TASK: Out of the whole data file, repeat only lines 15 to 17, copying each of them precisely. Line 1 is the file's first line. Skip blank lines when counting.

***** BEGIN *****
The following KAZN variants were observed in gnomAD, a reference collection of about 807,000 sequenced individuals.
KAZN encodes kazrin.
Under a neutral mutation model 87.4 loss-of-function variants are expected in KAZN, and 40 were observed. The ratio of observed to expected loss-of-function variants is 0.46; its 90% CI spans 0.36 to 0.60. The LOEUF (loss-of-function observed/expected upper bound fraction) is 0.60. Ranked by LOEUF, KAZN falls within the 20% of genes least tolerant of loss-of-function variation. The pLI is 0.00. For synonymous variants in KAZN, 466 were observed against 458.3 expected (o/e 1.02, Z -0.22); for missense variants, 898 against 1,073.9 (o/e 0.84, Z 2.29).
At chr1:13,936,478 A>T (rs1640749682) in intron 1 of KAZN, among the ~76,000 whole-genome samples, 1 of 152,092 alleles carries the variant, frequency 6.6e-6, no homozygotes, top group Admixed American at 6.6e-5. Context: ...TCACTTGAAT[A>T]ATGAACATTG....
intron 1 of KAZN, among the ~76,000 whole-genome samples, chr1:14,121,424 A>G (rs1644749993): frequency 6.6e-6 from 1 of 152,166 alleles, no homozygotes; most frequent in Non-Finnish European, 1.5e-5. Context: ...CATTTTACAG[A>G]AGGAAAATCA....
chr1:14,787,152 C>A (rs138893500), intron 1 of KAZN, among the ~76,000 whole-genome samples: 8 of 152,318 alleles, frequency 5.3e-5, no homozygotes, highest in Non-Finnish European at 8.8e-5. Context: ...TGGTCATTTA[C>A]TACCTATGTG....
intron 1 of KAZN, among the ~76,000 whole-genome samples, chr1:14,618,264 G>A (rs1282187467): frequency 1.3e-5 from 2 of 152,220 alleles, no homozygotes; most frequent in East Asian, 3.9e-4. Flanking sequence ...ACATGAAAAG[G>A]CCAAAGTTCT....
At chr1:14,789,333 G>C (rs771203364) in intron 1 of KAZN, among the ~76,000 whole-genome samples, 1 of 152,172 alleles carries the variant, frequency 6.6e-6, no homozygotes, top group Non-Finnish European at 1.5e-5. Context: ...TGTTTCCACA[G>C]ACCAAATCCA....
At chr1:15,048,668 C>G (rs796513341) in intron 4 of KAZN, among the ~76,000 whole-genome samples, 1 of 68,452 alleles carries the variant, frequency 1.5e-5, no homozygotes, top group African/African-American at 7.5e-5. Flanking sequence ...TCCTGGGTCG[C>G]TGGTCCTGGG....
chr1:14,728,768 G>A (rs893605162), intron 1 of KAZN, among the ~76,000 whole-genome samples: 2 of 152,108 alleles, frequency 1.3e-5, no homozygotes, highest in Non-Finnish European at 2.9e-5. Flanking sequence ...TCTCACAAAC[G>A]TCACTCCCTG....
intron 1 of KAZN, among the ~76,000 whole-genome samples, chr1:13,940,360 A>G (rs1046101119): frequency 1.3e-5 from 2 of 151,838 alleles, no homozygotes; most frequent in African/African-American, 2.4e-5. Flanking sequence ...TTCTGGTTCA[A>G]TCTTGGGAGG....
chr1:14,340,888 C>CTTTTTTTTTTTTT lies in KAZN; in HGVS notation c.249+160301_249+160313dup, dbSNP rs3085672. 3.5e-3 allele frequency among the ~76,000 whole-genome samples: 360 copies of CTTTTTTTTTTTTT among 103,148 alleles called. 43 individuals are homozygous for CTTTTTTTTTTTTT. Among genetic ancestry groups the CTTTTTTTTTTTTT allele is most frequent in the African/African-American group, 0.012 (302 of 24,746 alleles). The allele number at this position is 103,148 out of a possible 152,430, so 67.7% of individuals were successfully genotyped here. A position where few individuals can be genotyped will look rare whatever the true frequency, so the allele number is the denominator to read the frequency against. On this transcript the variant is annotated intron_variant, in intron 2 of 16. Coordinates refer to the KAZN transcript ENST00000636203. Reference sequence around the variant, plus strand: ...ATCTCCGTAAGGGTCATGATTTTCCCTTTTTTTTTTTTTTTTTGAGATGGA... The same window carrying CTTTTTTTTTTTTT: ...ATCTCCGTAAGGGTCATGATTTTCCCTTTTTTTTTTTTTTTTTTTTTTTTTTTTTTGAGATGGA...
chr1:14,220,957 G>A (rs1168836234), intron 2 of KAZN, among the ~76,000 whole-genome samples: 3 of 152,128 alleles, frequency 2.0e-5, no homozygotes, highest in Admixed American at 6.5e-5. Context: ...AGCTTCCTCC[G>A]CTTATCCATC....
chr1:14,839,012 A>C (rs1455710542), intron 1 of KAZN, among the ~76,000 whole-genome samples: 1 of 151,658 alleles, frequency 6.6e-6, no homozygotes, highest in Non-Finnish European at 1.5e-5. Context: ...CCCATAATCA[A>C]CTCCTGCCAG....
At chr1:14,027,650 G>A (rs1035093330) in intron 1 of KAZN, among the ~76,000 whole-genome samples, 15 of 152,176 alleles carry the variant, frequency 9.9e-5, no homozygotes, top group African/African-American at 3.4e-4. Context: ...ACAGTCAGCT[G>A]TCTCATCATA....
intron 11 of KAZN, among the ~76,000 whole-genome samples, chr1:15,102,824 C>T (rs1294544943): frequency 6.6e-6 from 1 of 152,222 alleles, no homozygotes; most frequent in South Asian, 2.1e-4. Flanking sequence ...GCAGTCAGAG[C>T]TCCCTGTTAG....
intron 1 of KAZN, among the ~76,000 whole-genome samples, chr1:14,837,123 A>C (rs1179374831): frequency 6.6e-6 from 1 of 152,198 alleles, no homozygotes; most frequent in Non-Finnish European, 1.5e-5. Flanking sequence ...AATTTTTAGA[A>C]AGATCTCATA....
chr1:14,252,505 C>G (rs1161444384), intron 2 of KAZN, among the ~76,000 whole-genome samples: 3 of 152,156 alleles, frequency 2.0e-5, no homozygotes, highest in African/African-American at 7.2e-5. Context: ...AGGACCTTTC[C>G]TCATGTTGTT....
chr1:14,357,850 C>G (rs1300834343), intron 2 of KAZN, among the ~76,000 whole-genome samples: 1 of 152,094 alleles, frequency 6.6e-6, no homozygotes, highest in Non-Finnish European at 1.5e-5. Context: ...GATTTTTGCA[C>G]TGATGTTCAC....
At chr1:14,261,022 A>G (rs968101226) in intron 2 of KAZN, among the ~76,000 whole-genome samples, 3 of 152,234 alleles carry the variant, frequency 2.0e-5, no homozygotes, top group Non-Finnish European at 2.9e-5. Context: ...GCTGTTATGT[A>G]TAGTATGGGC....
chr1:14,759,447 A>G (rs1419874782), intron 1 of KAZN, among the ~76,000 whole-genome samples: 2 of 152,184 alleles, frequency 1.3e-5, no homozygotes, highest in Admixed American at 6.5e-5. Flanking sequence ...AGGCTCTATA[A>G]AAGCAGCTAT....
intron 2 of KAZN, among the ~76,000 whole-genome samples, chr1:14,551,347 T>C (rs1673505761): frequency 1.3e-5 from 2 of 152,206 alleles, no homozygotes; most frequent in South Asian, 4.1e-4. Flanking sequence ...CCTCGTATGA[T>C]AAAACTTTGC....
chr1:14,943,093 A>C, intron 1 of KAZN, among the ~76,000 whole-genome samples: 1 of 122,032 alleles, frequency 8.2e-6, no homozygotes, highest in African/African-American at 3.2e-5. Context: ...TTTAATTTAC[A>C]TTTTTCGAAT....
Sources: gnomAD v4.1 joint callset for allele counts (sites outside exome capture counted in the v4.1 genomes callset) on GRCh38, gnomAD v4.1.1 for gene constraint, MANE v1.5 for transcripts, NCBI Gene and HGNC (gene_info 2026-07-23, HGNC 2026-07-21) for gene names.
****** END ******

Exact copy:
At chr1:14,027,650 G>A (rs1035093330) in intron 1 of KAZN, among the ~76,000 whole-genome samples, 15 of 152,176 alleles carry the variant, frequency 9.9e-5, no homozygotes, top group African/African-American at 3.4e-4. Context: ...ACAGTCAGCT[G>A]TCTCATCATA....
intron 11 of KAZN, among the ~76,000 whole-genome samples, chr1:15,102,824 C>T (rs1294544943): frequency 6.6e-6 from 1 of 152,222 alleles, no homozygotes; most frequent in South Asian, 2.1e-4. Flanking sequence ...GCAGTCAGAG[C>T]TCCCTGTTAG....
intron 1 of KAZN, among the ~76,000 whole-genome samples, chr1:14,837,123 A>C (rs1179374831): frequency 6.6e-6 from 1 of 152,198 alleles, no homozygotes; most frequent in Non-Finnish European, 1.5e-5. Flanking sequence ...AATTTTTAGA[A>C]AGATCTCATA....